• Birth mother may feel obligated to place child due to the emotional or financial support the prospective adoptive parents give.
  • Full responsibility for setting relationship limits and boundaries.
  • Potential abuse of trust (fewer safeguards).
  • Potential disappointment if adoptive family cannot meet all expectations or needs.
  • Birth mother may feel obligated to place child due to the emotional or financial support the prospective adoptive parents give.
Adoptive Parents
  • Allows for denial of "adopted family" or fertility status.
  • Increased fear, less empathy for birth parents.
  • No access to additional medical information about birth family.
  • Less control: agency controls information.
  • Loss of the full relationship with the birth parents.
  • Lack of ability to have questions answered immediately.
  • Potentially troubling cards, letters, or pictures.
  • Full responsibility for setting relationship limits and boundaries.
  • Potential pressure: accept openness or no child.
  • Potential difficulty with emotionally disturbed birth parents.
  • Potential for supporting child and birth parents (emotionally).
Adopted Persons
  • Possible adolescent identity confusion (unable to compare physical and emotional traits to their birth families).
  • Limited access to information that others take for granted.
  • Potential preoccupation with adoption issues.
  • Like confidential adoptions, if information not shared with the adoptee.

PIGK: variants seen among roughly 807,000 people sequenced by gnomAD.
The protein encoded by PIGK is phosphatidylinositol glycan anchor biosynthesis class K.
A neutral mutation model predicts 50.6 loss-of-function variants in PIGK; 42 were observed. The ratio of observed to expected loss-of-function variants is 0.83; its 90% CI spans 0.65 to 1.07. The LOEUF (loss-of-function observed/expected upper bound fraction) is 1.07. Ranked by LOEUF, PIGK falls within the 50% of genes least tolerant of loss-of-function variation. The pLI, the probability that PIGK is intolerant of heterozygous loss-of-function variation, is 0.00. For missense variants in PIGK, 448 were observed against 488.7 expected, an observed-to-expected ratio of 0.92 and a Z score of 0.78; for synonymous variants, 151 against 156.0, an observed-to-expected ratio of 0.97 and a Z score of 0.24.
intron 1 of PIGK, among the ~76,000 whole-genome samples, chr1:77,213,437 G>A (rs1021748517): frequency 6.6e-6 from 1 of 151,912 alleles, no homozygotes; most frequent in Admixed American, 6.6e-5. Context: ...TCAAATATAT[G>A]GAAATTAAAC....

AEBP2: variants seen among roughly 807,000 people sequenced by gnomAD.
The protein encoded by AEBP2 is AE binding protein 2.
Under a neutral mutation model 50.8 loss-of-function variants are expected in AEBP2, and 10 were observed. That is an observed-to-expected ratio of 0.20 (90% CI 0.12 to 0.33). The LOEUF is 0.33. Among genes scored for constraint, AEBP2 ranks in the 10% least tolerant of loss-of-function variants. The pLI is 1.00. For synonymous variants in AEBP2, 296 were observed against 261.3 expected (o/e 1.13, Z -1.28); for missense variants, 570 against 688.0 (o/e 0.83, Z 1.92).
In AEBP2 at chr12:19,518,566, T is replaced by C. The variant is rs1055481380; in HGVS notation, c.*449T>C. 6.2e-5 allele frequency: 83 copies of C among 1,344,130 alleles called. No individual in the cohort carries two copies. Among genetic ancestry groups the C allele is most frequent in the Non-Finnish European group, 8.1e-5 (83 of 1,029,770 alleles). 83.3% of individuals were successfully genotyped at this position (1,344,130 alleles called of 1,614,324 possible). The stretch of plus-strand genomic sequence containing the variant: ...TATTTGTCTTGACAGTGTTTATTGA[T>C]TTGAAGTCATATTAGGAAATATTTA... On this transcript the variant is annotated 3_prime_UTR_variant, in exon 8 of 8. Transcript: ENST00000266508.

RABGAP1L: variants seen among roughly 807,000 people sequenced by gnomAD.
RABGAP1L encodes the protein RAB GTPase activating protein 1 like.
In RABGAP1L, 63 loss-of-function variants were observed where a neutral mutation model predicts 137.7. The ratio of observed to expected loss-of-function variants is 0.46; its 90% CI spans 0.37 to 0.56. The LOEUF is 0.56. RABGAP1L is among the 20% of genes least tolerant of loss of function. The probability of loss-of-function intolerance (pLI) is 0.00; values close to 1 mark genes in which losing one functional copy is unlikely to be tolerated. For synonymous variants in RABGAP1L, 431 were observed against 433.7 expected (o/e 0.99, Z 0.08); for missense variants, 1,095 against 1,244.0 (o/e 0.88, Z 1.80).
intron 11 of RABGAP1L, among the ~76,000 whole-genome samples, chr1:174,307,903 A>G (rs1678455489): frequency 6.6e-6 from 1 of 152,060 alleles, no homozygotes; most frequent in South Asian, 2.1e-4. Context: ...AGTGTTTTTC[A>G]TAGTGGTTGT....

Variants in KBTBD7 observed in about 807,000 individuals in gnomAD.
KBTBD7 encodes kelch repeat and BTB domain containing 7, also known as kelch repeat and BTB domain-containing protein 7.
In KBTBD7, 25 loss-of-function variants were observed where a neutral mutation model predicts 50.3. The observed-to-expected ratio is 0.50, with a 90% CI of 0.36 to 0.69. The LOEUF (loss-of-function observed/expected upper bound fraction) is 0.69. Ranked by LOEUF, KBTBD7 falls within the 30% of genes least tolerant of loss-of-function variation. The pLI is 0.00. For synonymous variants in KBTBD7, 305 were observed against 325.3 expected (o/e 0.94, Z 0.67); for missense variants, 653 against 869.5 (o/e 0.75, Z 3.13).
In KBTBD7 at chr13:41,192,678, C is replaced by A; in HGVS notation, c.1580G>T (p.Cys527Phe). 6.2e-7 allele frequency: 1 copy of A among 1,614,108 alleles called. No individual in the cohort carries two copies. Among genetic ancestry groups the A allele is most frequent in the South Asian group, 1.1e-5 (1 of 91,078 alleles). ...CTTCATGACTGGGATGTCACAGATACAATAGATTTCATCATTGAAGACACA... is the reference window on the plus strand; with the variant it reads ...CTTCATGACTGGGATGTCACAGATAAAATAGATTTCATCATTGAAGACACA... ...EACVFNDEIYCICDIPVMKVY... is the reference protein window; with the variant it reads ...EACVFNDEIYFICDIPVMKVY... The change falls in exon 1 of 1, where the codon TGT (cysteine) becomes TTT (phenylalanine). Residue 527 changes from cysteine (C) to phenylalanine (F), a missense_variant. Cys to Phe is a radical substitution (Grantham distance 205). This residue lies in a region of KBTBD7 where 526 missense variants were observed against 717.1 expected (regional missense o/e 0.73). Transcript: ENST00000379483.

• Potential perception that it is unsafe to interact with birth family directly.
  • No clean break for assimilation into family, which some feel is necessary.
  • Potential feelings of rejection if contact stops.
  • Difficulty explaining the relationship to peers.
  • Potential for playing families against each other.

Adoption in General

The adoption process for all three types of adoptions is the same.

  • Choose an adoption agency or adoption law firm
  • Get an adoption home study completed by a social worker or someone affiliated with a licensed adoption agency
  • Choose a child or get chosen by a birth parent
  • Birth of the child
  • Birth parents consent to the adoption
  • Revocation period. State laws on revoking consent vary.
  • Birth parent relinquishment of the adoptee
  • Termination of parental rights
  • Get a court order finalizing the adoption. The court will make a decision based on the best interests of the child.
  • Original birth certificate sealed. A revised birth certificate issued
  • Adoptive parents become the legal parents of the adopted child

Get More Information About the Types of Adoption From an Attorney

Adoption is a great way to give a child a stable home, but if you're considering adoption, make sure you make the right choice for everyone involved. An experienced local adoption attorney can give you legal advice on family law matters. An adoption lawyer can help you make the right decisions while ensuring compliance with laws and processes.